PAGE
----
Think cable cars, think winter sports in the snow-covered Alps. But France’s longest cable car, which has just opened to users, is not in what many would consider to be the mode of transport’s natural habitat.
The delayed 3km Téléo service opened in Toulouse on Friday, May 13th, 2022, two years later than scheduled because of Covid-19, and links the Oncopole, on one side of the Garonne, and the l’université des sciences et de médecine Paul-Sabatier, on the other.
It is expected to carry at least 8,000 passengers a day, up to 1,500 an hour in each direction. Journeys will take 10 minutes, and the 14 cars – designed by Paolo Pininfarina, the designer of Porsche and Maserati, and which can accommodate 35 people – will run every one-and-a-half minutes at peak times.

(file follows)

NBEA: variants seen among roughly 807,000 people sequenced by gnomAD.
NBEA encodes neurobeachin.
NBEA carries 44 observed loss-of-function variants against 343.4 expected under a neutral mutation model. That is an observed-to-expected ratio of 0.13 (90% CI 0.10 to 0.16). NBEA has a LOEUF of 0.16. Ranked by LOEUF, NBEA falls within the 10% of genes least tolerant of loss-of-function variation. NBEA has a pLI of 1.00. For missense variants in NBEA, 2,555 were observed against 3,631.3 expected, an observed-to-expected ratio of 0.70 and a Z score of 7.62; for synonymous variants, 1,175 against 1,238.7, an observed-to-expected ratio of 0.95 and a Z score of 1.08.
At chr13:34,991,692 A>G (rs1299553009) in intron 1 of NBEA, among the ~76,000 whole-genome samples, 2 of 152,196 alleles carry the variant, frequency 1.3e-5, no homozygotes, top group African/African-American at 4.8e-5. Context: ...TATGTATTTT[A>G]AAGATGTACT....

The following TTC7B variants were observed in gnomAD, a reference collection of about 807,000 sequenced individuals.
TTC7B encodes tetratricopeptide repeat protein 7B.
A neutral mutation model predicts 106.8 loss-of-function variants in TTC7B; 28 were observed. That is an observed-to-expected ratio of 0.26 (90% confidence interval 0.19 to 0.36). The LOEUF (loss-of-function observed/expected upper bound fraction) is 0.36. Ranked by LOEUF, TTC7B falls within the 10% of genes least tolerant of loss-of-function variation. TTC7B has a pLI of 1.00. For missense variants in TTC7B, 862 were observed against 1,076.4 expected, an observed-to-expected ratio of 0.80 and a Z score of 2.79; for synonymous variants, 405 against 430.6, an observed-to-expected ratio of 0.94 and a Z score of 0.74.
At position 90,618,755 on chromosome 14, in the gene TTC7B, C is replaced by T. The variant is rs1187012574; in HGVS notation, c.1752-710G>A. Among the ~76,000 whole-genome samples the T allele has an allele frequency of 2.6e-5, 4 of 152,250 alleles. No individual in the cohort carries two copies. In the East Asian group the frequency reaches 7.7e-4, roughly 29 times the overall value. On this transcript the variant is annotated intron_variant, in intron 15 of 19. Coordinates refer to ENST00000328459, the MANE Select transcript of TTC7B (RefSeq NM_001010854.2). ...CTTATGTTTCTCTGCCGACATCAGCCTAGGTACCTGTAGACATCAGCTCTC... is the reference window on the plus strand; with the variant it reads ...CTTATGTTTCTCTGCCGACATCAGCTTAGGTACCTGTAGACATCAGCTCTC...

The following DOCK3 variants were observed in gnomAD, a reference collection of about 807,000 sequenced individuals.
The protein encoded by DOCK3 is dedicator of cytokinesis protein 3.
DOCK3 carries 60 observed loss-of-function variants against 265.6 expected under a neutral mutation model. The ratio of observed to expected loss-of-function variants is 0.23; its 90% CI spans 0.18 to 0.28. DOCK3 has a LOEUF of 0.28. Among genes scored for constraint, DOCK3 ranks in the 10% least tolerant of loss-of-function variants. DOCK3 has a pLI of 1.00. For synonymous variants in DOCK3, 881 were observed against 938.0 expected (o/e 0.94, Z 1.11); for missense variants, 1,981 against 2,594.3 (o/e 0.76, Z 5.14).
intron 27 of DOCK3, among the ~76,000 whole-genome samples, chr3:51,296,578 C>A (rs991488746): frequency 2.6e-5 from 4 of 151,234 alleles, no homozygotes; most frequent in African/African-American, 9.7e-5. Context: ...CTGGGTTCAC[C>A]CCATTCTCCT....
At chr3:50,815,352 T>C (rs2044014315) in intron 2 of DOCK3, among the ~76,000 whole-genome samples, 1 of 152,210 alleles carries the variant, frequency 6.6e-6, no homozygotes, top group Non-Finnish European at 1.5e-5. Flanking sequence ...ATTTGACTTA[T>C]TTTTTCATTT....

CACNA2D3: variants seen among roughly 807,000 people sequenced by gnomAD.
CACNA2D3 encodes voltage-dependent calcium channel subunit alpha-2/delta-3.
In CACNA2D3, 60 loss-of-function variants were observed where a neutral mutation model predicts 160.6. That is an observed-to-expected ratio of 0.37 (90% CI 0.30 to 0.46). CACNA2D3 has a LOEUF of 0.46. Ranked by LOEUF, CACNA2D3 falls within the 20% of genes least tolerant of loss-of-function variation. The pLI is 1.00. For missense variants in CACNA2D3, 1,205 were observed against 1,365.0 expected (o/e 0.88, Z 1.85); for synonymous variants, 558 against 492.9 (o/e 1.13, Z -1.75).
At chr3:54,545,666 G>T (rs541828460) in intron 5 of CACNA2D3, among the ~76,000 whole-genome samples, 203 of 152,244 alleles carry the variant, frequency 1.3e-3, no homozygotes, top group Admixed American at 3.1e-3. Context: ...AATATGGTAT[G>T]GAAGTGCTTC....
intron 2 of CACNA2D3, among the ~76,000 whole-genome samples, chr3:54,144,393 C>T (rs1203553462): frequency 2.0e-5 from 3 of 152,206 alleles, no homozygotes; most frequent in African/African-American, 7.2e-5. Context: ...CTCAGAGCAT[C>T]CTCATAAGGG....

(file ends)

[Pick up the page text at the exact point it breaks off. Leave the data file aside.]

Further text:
In comparison, travel between the two sites can take as long as 30 minutes on the roads in rush hour. Even during quieter periods, journey times in cars is 11 minutes.
The project cost €82.4 million, more than had been anticipated because of objections to the original route, which would have had a station in front of the lycée Bellevue. But, thanks to its three-cable system, the service operate even in high winds. It has been designed to run even when the autan wind – which can reach 108km/h – is blowing.
A telecar service was first planned in 1936, when Albert Bedouce, the city’s mayor, was the Minister of Public Works in Léon Blum’s first government. Plans were shelved at the outbreak of the Second World War.
The scheme was reopened in 2004. But, a lack of long-term support from elected officials meant work did not start until 2018.